The FCC decision could spell the end for the AT&T-T-Mobile deal before the Department of Justice case even begins. On top of the FCC response, the next court hearing for AT&T-T-Mobile is November 30th in front of Judge Huvelle where AT&T could present its new proposal to sell off as much as 40% of T-Mobile’s assets in an effort to appease the Justice Department. How or if Judge Huvelle will address the FCC decision to hold an administrative hearing and will it affect her expedited schedule for the case remain to be seen. Along with the Judge Huvelle update, November 30th marks the FCC’s monthly meeting. Though AT&T isn’t on the agenda for the day, it’s likely it will come up in some capacity, at the very least after the meeting is over when remarks are made to the press.

November 30th aside, let’s look at another proposal a number of you like to consider. The Department of Justice language has indicated that it wants to keep a four pony race going in the wireless industry, all but eliminating a potential buyout by Sprint as many of you suggest would be the next logical step. Not to mention Sprint has to finalize their Clearwire, Lightsquared and LTE plans before even attempting to come up with enough cash to make Deutsche Telekom a serious offer. DT knows it will likely never see another bid as high as $39 billion, but I don’t think it will accept the first offer once AT&T withdraws its bid either. Sprint may not be able to meet DT’s terms, not to mention have enough cash to continue its own network buildout, all while avoiding the the nightmares that were endured due to incompatible networks with Nextel.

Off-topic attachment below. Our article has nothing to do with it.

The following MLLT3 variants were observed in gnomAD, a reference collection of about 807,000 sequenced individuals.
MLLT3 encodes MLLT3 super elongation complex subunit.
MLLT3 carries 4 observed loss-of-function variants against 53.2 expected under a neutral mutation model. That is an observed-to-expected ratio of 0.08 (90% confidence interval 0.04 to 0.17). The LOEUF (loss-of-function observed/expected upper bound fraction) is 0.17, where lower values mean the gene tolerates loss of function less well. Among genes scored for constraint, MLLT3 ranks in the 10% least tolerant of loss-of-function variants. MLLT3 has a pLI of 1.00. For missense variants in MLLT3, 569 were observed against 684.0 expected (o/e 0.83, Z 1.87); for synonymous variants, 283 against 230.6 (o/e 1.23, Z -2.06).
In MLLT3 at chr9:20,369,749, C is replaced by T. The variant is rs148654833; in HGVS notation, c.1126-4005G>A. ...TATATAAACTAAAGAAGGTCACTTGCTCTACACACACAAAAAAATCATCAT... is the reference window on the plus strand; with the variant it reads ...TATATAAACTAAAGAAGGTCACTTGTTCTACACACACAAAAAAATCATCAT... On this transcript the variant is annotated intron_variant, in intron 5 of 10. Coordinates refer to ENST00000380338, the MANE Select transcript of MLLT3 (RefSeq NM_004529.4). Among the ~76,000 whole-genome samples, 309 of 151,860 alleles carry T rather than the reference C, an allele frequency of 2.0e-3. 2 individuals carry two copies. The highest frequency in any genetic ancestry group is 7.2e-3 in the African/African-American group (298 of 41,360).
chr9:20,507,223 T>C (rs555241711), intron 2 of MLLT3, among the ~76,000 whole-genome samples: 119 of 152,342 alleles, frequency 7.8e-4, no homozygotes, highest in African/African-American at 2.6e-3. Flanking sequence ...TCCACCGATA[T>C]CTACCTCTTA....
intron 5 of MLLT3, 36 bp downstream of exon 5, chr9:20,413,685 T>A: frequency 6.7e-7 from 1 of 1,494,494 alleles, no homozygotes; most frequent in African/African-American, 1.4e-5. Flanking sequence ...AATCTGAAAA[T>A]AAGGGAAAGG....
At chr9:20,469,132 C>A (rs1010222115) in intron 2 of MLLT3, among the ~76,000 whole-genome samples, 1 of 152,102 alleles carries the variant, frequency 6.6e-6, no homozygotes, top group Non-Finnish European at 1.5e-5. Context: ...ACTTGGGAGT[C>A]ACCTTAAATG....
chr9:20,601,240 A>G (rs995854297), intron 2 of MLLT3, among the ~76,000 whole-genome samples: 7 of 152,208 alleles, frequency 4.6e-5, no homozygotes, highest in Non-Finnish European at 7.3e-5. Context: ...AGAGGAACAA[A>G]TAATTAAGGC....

Moving on, we’d be remiss if we didn’t return to our earlier statement regarding the possibility that T-Mobile’s darkest days still lay ahead. Without a potential buyer, plans to further build up the network beyond the next two years or opportunities for massive customer gain, T-Mobile still needs one hell of a plan to compete. It’s likely, in fact it’s almost a certainty, that will only happen with another buyer, be it a private equity group, cable company or an overseas telecom carrier making a play. A buyer will have to be willing to not only meet Deutsche Telekom’s asking price, but also throw in enough money to raise T-Mobile’s profile and enhance its network. That’s a tall order, even for companies with plenty of cash on hand.